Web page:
Islam is not the problem
What can one say about what happened in Paris last week? How to adequately address this manifestation of humanity’s darkest potential? I’m not sure how to do it well, but I’ve seen some examples of how to do it incredibly poorly.
So, as John Oliver said: “after the many necessary and appropriate moments of silence”, I want to shout that this, as all of these incidents, is not a situation of Islam versus The West, nor Christianity, nor democracy, nor anything else. This is a case of Extremism versus Human Decency.
If you’ve met any Muslims through any medium other than TV “news” you know that they are people. Not terrorists, not extremists. People. Just like you and I. I wish I could take anyone who says differently with me to my class, where tables full of Syrian, Iraqi, Rohingya, and other refugees show me the true face of human kindness, the profound depth of human decency. They are solidly on “our side”. The talking heads of the TV networks on the other hand, seem solidly on the side of extremism. The danger of that is insidious and shameful.
This misunderstanding of the nature of the conflict is what allows “our” government (and its business interests) to pursue the “War on Terror.” The tragedy of that strategy goes far beyond my ability to express. You can not go to war with Terrorism. It is an idea, not an opponent. It’s like trying to dry your clothes by spraying them with the garden hose. It only makes the problem worse.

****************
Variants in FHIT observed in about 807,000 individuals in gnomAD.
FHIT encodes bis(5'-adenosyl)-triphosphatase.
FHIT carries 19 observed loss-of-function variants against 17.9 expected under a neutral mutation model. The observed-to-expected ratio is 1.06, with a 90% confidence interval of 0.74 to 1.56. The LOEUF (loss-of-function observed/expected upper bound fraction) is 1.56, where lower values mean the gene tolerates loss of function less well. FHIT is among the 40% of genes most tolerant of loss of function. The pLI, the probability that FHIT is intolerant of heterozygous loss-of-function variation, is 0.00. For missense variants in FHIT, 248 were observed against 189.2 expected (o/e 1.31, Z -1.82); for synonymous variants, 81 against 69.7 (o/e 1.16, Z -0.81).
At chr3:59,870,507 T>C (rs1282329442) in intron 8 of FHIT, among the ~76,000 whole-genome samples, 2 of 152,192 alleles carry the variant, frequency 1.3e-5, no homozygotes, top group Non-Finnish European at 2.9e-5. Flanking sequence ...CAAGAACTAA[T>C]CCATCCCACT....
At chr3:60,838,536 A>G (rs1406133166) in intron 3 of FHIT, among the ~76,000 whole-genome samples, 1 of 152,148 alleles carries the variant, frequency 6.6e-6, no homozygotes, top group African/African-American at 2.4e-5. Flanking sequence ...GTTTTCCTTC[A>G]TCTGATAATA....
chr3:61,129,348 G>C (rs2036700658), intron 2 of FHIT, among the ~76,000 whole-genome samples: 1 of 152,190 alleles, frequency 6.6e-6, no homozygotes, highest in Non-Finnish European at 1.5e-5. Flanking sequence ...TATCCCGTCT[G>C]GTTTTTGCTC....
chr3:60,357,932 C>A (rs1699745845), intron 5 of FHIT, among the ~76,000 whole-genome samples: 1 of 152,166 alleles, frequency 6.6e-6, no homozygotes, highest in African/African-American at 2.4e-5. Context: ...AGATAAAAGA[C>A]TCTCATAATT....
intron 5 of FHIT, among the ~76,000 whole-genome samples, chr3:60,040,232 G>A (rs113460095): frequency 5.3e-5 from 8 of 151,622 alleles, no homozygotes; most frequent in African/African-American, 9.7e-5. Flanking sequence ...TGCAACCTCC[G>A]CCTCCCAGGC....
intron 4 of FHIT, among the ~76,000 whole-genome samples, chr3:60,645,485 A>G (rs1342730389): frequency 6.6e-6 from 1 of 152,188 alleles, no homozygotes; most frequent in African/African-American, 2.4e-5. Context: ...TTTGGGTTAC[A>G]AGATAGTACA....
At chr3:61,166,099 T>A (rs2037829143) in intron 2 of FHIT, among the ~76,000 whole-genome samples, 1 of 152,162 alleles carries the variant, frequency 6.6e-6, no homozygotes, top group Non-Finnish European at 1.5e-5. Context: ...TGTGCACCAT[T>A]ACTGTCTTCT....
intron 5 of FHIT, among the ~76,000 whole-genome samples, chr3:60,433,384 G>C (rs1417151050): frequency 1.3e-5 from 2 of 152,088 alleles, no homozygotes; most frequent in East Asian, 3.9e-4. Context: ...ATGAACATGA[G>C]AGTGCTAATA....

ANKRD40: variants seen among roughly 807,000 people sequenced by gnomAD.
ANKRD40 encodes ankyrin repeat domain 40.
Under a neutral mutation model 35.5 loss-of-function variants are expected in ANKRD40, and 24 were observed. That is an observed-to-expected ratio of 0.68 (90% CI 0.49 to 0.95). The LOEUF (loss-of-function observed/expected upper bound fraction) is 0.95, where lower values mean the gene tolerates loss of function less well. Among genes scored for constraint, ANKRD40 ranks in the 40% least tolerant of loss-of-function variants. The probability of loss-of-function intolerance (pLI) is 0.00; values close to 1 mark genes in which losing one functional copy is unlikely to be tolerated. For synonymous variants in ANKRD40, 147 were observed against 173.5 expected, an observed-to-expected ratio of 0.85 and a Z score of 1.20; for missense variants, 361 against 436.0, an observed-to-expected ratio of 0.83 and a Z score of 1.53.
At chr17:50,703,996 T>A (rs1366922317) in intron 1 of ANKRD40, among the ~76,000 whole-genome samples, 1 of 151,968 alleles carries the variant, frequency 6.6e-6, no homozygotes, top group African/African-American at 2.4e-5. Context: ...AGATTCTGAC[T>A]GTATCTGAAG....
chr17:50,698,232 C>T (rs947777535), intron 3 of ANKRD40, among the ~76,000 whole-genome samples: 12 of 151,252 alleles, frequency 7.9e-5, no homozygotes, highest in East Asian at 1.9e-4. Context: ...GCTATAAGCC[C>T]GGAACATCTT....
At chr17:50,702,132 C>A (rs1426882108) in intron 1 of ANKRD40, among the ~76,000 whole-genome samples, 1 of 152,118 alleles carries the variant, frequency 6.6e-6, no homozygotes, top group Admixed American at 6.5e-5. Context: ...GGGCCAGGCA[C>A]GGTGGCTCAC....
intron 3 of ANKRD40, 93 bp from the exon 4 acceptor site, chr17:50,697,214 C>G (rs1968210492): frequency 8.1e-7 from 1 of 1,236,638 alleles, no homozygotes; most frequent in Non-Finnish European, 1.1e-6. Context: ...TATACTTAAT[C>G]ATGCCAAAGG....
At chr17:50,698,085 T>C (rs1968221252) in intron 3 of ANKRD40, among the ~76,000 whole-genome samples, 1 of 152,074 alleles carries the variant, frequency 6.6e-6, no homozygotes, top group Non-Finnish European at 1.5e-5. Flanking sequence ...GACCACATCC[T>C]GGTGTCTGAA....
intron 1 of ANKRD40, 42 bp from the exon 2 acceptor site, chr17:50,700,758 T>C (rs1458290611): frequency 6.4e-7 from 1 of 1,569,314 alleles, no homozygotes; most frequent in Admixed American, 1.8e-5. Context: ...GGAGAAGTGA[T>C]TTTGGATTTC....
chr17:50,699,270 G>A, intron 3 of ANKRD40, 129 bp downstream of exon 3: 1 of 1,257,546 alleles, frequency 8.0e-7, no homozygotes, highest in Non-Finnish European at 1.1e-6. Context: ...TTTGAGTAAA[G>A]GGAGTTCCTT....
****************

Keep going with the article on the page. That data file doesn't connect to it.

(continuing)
We’ve seen, time and time again, that “our” bombs don’t just land on extremists. They land on innocents, and bystanders, and angry people, and sad people, and markets, and schools, and hospitals, and weddings. For every extremist “we” kill, we create a dozen more. We’re standing in the sun, hoping it will cure our sunburn.
You already know this. Every child knows this. Little Jimmy says Tommy is a doodoo head. The other kids aren’t so sure, Tommy seems fine to them, though he doesn’t share his potato chips very well. Then Tommy comes up and punches Jimmy in the face. Now everyone agrees, Tommy is a complete asshole.
It would be funny, except we do that with missiles.
So how should we respond? That’s the challenge of our age, to somehow improve the rampant inequality that fosters this anger, the widespread lack of education that allows extremism to take root, and most of all, the profound absence of hope for any better option that makes someone pursue the type of indiscriminate violence that I believe is fundamentally against our human nature. We don’t want to kill, but if you saw only bleakness ahead for your children, what wouldn’t you do? And as if that isn’t difficult enough already, we will have to do it, for an extended period, even in the face of the ongoing attacks that are already growing. It seems an impossible goal, but given the world’s capacity to generate wealth, I bet we can do a step or ten-thousand better. Call me an optimist.
But for starters? How about we stop making things worse? We stop blaming an entire religion for the actions of a few. (We can talk another time about the truly insane quantity of violence perpetrated by each of the religions of Abraham, but for now, do the Westboro Baptists represent Christianity?) We can acknowledge that Islam is only a religion, not a personality type, and certainly not a psychological dysfunction! Once we stop actively producing more terrorists, we can start to heal the deeper wounds that are producing them in the first place.
I’d like to give it four years. Just one presidential term. Instead of spending billions of dollars on bombs to kill Middle Easterners, we spend it helping those people who want to help themselves and each other. Pour ourselves into peace and improvement, instead of death and Halliburton. If you think there is no one left in the Middle East who wants peace, wants safety, wants a better world for their children? Then you’ve been watching the wrong TV.